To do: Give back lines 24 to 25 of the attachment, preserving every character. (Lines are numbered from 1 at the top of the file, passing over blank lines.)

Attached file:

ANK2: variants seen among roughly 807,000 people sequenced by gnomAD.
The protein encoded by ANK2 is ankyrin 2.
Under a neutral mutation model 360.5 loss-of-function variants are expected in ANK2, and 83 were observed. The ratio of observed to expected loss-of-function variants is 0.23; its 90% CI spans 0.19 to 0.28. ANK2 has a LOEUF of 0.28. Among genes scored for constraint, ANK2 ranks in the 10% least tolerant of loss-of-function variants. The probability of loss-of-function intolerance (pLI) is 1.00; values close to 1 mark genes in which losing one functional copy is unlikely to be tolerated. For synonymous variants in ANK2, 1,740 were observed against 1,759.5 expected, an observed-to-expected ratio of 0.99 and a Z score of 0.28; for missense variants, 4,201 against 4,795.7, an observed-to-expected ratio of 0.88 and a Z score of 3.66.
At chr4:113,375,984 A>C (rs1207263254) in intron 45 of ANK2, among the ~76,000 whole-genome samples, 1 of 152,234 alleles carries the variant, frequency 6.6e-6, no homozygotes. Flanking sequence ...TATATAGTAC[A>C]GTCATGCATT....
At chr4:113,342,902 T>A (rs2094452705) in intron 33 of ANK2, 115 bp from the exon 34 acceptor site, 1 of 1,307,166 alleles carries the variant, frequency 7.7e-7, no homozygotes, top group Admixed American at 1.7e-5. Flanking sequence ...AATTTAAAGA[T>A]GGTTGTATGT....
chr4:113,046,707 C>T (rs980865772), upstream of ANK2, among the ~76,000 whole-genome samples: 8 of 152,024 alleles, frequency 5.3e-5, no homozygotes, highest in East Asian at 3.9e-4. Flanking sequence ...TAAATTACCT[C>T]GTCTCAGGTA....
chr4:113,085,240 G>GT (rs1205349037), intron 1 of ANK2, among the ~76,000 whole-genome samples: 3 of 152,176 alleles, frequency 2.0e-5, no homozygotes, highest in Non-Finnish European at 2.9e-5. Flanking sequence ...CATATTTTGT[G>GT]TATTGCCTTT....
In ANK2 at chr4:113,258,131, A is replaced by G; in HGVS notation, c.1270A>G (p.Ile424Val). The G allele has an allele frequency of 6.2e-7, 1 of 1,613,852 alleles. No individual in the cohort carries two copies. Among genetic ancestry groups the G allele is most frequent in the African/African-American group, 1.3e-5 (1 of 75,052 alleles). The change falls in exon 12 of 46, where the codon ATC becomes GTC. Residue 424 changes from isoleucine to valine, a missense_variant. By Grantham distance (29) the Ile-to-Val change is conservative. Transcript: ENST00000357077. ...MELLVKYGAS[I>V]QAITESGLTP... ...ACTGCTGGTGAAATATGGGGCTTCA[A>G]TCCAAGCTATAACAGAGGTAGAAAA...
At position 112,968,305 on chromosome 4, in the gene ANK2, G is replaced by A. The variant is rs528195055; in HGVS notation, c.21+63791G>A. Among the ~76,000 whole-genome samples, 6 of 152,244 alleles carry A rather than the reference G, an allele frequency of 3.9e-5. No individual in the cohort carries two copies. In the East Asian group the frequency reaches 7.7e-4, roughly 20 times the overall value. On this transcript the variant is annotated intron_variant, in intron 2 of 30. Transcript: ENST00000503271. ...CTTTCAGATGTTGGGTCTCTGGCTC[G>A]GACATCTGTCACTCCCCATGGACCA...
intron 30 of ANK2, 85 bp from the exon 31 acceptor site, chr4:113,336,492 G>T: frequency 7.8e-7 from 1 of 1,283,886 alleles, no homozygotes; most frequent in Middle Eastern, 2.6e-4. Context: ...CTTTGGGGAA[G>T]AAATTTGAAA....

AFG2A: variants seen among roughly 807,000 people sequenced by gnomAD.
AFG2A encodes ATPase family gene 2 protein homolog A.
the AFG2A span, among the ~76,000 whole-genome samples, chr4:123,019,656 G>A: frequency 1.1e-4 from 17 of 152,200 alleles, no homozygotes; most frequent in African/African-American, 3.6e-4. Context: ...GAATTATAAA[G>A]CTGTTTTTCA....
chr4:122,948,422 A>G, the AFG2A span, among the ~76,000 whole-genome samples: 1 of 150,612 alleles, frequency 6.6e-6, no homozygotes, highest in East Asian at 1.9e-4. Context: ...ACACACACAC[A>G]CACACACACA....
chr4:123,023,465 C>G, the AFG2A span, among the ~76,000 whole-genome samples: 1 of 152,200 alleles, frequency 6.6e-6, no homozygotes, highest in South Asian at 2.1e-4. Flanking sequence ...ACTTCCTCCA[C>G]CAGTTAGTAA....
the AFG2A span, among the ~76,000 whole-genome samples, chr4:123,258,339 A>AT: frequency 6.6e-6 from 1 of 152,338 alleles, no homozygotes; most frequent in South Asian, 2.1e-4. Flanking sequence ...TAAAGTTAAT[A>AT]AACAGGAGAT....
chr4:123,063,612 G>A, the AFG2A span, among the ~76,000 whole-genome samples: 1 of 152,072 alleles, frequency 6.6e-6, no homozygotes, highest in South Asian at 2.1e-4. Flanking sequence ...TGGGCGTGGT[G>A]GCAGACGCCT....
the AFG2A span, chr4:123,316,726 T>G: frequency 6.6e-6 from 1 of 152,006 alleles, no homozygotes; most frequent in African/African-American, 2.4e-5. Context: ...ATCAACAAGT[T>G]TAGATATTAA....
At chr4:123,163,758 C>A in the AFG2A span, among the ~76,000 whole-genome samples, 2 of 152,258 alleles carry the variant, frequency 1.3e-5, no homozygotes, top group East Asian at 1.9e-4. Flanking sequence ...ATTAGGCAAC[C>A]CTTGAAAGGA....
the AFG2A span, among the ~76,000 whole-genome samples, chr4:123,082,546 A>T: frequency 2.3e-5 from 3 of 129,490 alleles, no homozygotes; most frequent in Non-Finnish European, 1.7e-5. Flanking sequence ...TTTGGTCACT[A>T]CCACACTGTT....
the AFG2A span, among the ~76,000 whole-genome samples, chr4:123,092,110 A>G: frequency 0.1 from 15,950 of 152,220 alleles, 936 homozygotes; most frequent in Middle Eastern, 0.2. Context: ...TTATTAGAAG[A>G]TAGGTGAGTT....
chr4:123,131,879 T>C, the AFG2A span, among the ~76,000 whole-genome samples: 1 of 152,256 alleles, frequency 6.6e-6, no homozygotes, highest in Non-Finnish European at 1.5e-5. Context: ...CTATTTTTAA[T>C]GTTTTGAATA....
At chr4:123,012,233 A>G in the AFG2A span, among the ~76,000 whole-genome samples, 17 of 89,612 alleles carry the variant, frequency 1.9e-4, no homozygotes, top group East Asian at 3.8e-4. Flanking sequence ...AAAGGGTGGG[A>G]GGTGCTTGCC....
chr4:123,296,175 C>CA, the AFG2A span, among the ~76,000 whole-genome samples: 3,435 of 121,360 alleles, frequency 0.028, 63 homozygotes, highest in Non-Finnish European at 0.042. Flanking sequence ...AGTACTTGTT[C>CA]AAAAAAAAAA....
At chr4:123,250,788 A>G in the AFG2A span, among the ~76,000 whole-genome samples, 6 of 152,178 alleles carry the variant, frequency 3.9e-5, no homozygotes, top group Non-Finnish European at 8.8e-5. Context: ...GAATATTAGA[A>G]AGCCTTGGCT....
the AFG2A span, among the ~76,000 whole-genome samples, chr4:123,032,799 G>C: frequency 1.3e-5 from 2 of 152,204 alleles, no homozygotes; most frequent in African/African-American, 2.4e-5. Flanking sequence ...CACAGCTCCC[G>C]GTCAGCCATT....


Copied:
chr4:123,296,175 C>CA, the AFG2A span, among the ~76,000 whole-genome samples: 3,435 of 121,360 alleles, frequency 0.028, 63 homozygotes, highest in Non-Finnish European at 0.042. Flanking sequence ...AGTACTTGTT[C>CA]AAAAAAAAAA....
At chr4:123,250,788 A>G in the AFG2A span, among the ~76,000 whole-genome samples, 6 of 152,178 alleles carry the variant, frequency 3.9e-5, no homozygotes, top group Non-Finnish European at 8.8e-5. Context: ...GAATATTAGA[A>G]AGCCTTGGCT....